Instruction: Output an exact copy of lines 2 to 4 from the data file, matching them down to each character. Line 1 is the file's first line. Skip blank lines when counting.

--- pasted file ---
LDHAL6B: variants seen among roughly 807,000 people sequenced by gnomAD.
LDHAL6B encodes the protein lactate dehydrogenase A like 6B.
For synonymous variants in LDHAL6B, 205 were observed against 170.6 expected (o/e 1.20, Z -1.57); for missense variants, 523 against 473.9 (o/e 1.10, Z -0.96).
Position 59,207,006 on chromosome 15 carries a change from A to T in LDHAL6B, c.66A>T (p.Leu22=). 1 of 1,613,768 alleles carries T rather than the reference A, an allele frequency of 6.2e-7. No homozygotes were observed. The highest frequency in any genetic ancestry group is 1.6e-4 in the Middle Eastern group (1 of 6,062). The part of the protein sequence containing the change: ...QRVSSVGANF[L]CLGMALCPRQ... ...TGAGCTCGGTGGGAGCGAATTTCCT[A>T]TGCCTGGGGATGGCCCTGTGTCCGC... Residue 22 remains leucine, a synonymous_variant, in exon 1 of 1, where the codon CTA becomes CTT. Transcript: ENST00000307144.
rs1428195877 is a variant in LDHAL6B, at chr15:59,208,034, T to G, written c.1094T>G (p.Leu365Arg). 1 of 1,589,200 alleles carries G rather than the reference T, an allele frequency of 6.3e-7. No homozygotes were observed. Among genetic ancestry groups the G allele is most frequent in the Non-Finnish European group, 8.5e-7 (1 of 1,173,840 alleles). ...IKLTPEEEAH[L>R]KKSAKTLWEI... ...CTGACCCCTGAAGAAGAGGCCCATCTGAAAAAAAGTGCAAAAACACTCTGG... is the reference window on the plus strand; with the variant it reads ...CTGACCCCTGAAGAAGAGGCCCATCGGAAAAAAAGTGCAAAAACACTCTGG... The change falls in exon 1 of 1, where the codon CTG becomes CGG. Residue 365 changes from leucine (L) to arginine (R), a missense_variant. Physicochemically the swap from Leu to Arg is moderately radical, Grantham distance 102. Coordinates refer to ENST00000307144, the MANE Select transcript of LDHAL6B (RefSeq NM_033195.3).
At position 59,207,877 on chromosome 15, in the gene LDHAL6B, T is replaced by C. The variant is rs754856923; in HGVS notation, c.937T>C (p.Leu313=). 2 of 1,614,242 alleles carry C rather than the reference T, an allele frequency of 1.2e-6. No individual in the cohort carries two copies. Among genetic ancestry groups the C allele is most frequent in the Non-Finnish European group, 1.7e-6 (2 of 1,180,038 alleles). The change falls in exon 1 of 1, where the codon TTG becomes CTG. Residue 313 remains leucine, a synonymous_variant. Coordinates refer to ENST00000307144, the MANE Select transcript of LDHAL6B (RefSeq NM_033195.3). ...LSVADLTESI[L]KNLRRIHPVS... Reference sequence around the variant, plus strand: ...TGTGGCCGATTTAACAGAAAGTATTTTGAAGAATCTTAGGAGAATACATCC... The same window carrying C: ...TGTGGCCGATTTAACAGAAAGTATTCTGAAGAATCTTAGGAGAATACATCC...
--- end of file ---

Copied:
LDHAL6B encodes the protein lactate dehydrogenase A like 6B.
For synonymous variants in LDHAL6B, 205 were observed against 170.6 expected (o/e 1.20, Z -1.57); for missense variants, 523 against 473.9 (o/e 1.10, Z -0.96).
Position 59,207,006 on chromosome 15 carries a change from A to T in LDHAL6B, c.66A>T (p.Leu22=). 1 of 1,613,768 alleles carries T rather than the reference A, an allele frequency of 6.2e-7. No homozygotes were observed. The highest frequency in any genetic ancestry group is 1.6e-4 in the Middle Eastern group (1 of 6,062). The part of the protein sequence containing the change: ...QRVSSVGANF[L]CLGMALCPRQ... ...TGAGCTCGGTGGGAGCGAATTTCCT[A>T]TGCCTGGGGATGGCCCTGTGTCCGC... Residue 22 remains leucine, a synonymous_variant, in exon 1 of 1, where the codon CTA becomes CTT. Transcript: ENST00000307144.